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Would Tax on Guns And Ammo Force Buyers And Sellers Out of Seattle?

Elaine Thompson
AP Photo

Gun shop owners in Seattle say a proposed tax on salescould force them to move or go out of business. The Seattle City Council is considering placing a $25 tax on every gun sold and a 5-cent tax on every round of ammunition purchased in the city.

The money from the guns and ammo tax would be used to pay for gun violence research and prevention, which would be conducted at Harborview Medical Center. 

City officials estimate the new tax would collect between $300,000 and $500,000 a year. But, at a city council hearing, bun shop customer Ken Stok, said the measure is unlikely to bring in much money at all.

“The taxation on firearm sales and ammunition is going to do nothing but drive me and everyone else that I know outside of the city to buy stuff and you’re going to lose revenue,” Stok said.

The President of Outdoor Emporium in Seattle, Mike Coombs, emphasized Stok's point, saying if gun customers go away and he has to close, the taxes the store generates now will disappear as well.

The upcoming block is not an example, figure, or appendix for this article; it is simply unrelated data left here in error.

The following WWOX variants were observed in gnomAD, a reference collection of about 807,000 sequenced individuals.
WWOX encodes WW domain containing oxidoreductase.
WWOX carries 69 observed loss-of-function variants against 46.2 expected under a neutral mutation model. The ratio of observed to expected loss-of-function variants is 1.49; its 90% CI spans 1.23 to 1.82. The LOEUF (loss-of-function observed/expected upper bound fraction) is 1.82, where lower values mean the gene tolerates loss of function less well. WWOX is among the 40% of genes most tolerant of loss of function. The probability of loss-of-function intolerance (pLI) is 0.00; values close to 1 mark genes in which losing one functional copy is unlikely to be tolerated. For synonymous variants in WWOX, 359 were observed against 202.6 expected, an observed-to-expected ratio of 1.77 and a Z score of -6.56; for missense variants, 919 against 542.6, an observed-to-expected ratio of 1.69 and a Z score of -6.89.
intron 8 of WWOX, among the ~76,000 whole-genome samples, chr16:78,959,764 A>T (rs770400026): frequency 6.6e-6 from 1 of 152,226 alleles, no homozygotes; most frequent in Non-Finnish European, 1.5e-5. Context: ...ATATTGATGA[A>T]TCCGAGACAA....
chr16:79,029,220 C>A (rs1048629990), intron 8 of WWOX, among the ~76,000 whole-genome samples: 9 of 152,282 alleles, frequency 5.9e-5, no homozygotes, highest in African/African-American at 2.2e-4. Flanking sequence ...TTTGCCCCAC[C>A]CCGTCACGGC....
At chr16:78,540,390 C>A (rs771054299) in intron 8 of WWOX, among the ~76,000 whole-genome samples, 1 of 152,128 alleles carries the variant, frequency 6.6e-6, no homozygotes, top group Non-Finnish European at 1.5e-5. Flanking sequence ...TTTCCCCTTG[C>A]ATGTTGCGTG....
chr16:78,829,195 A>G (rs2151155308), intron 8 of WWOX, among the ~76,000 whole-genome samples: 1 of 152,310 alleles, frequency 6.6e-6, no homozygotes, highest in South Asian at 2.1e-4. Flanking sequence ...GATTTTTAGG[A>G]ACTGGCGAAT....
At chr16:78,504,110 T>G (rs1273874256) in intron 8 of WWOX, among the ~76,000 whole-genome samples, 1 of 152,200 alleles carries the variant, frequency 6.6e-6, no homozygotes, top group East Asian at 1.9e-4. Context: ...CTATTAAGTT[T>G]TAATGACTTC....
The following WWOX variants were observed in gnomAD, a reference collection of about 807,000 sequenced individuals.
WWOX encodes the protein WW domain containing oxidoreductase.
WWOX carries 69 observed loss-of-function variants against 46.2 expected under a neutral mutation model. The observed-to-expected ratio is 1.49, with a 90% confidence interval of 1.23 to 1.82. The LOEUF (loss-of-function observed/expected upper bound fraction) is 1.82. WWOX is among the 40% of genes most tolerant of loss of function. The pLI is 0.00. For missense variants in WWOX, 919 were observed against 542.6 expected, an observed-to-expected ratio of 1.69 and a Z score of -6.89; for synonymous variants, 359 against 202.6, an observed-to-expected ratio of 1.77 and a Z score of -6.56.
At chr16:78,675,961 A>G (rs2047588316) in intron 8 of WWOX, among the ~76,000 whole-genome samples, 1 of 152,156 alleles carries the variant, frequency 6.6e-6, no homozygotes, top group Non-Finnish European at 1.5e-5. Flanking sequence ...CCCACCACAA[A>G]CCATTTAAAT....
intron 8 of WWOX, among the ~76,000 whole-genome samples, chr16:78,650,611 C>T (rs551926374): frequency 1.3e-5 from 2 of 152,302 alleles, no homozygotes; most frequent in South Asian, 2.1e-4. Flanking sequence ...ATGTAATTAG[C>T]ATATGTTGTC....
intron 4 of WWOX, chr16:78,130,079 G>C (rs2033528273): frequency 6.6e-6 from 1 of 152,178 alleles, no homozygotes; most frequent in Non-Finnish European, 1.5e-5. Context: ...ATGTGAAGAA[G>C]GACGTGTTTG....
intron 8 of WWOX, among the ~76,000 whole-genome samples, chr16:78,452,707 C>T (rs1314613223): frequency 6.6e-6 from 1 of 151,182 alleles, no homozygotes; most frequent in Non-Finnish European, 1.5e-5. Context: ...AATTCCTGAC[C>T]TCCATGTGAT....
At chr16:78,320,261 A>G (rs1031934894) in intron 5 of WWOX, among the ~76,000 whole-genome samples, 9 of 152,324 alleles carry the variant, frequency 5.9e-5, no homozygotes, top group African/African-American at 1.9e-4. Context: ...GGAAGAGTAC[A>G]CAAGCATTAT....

“One million dollars in tax revenue is what we bring in to Seattle,” Coombs said.

But public health advocates and other supporters say taxing guns and ammo is still the right thing to do, even if it doesn’t result in a windfall for the city.

Angela Christianson, who describes herself as a mom from south Seattle, says the main point is to lessen gun violence in the city.

"It’s my right to live without fear. I don’t want my children to live in fear,” she said.

Another proposal being considered by the Seattle City Council, one that would require gun owners to report to police if their gun is lost or stolen has broader support.

Outdoor Emporium President Mike Coombs says that's something he can get behind. 

“We believe in safety 100 percent,” Coombs told the council.    

Paula is a former host, reporter and producer who retired from KNKX in 2021. She joined the station in 1989 as All Things Considered host and covered the Law and Justice beat for 15 years. Paula grew up in Idaho and, prior to KNKX, worked in public radio and television in Boise, San Francisco and upstate New York.